RUSSIA: Russia’s EU ambassador, Vladimir Chizhov said that his country still believes diplomacy can help defuse the Ukraine crisis.
Chizhov stated that his country has no intention of invading anyone, but he cautioned that it is critical not to provoke Russia into changing its mind. It follows a frenzy of diplomatic activity on Monday and Tuesday. Russia has repeatedly denied any intention of invading Ukraine.
However, with over 100,000 troops massed near the Ukrainian border, some Western countries, including the United States, have warned that a Russian attack could occur at any time.
Ukraine-Russia peace talks
Following two days of intense diplomacy led by French President Emmanuel Macron, there is some speculation that a renewed focus on the so-called ‘Minsk agreements’. The agreements aim to end the conflict with Russian-backed separatists in eastern Ukraine.
Some diplomats believe the agreements could provide a path to de-escalation, with France’s ambassador to the US. French diplomat Philippe Etienne tweeted that they should be used to “build a viable political solution.”
President Macron stated that talks would be restarted as early as Thursday and that Russia and Ukraine, as well as France and Germany, would be included in the Normandy quartet.
Mr. Chizhov did not comment on Russia’s plan to move troops away from the country’s border with Ukraine. Instead, he inquired as to why no one was discussing the number of Ukrainian soldiers stationed directly against Russia.
However, he stated unequivocally that further talks could yield results.
“We certainly believe there is still room for diplomacy,” he added.
Russia has made a number of demands to the West regarding European security, including a guarantee that Ukraine will never join Nato, the West’s defensive military alliance.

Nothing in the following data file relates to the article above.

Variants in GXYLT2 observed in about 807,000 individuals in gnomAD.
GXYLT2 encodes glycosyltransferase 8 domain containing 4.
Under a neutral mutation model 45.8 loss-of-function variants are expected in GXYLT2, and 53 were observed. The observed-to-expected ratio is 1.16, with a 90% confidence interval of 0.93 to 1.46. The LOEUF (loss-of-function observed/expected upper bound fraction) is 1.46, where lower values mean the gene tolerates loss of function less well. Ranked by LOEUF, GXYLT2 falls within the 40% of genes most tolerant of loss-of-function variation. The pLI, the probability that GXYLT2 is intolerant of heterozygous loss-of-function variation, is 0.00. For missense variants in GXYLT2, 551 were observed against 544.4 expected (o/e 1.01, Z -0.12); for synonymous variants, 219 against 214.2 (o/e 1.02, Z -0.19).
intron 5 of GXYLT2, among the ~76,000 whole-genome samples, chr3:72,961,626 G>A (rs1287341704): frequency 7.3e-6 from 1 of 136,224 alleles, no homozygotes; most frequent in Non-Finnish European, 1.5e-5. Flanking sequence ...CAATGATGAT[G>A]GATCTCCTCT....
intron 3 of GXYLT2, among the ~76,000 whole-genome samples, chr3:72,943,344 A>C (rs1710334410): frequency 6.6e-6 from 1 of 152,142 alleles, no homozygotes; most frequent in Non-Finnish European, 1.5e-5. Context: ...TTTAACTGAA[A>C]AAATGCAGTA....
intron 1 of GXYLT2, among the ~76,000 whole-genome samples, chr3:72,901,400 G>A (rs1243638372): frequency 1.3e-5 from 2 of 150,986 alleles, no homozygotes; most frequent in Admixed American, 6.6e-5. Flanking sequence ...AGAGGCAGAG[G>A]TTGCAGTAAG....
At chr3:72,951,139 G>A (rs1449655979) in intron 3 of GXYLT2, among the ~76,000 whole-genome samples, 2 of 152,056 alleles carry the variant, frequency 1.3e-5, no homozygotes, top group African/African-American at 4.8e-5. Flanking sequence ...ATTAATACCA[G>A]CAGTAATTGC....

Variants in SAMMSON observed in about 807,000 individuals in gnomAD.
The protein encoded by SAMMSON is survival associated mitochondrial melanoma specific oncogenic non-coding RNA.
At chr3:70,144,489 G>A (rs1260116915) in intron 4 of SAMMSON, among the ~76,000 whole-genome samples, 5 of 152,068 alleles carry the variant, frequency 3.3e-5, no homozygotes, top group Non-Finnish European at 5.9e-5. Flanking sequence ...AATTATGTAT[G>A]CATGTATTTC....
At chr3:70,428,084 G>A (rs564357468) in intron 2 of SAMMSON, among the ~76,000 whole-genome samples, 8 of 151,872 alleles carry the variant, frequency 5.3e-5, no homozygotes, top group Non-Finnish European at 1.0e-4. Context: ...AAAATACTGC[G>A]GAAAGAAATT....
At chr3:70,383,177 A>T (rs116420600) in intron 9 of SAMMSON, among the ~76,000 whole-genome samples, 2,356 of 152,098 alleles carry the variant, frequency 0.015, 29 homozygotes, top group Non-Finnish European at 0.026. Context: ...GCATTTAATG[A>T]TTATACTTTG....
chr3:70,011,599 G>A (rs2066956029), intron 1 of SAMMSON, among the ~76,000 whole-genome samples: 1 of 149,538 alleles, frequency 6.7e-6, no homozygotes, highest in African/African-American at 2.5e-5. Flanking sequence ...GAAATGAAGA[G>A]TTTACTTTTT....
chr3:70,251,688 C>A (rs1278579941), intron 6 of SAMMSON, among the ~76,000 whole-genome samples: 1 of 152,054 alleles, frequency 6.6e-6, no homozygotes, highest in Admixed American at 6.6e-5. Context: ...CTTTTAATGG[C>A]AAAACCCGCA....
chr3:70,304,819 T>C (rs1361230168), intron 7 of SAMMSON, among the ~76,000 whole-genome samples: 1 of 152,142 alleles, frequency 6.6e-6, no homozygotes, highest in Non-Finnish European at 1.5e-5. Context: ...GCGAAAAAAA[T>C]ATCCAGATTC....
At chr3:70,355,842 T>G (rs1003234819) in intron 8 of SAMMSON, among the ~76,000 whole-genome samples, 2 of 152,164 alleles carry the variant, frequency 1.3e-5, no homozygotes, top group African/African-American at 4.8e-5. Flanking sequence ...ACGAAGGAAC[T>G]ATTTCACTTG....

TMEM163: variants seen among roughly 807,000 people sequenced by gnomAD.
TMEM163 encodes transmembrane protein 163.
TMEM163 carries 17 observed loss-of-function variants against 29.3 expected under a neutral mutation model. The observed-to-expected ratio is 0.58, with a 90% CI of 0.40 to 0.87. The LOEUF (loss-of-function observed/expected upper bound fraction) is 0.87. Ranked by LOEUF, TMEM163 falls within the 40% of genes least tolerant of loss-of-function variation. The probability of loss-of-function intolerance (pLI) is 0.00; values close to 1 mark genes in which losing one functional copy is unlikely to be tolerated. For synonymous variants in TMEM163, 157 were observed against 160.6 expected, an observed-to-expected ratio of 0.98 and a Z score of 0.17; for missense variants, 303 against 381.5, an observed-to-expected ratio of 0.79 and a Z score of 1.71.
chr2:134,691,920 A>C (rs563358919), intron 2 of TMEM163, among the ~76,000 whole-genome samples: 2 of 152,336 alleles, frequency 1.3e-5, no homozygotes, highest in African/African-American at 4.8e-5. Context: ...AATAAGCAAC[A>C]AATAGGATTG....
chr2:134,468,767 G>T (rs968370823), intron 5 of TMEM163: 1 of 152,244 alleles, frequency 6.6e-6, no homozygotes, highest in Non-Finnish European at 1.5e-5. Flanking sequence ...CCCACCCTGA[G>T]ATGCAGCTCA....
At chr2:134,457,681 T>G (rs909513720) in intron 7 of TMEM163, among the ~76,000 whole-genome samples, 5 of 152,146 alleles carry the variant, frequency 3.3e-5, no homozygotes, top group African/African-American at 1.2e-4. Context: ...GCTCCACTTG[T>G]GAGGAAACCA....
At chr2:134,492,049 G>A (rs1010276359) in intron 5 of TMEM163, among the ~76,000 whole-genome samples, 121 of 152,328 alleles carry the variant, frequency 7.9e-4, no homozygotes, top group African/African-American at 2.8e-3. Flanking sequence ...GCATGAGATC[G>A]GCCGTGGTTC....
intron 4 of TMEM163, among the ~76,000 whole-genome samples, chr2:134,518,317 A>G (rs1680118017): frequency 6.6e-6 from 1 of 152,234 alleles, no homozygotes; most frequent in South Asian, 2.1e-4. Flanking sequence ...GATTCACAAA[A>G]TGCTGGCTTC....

This demand has been categorically rejected, with Western countries insisting that only Ukraine can decide on its own security arrangements.
However, Russia’s EU ambassador made it clear that Nato’s eastern expansion remained a key point in any negotiations.
The envoy’s apparent optimism for continued diplomacy comes after two days of frenetic diplomacy by European leaders seeking to end Russia’s military buildup.
Visiting Moscow, Kyiv, and Berlin, French President Emmanuel Macron has been at the forefront of these efforts.
Following his meeting with Ukrainian President Volodymyr Zelensky in Kyiv on Tuesday, Mr. Macron stated that both the Russian and Ukrainian leaders had reaffirmed their commitment to implementing the so-called Minsk peace agreements.
The agreements, which were supported by Ukraine, Russia, France, and Germany in 2014-15, aim to put an end to the Russian-backed separatist conflict in eastern Ukraine, which is still ongoing.
President Zelensky has previously criticized the agreement signed by his predecessor, claiming that it gives too much to the rebel groups controlling parts of Ukraine’s Donbas region.
Moscow has long accused Kyiv of failing to implement the agreements, and at Monday’s news conference, Russian President Vladimir Putin urged Ukraine to do so: “Like it or not, my beauty, you have to put up with it,” he said.
However, Ukraine and Russia disagree on what the agreements mean in practice, and Kyiv is concerned that the accords will grant too much autonomy to the eastern regions currently under rebel control, while Moscow will retain significant influence there.
The leaders of France, Germany, and Poland backed the Minsk agreements and reaffirmed their support for Ukraine’s sovereignty at a meeting in Berlin on Tuesday.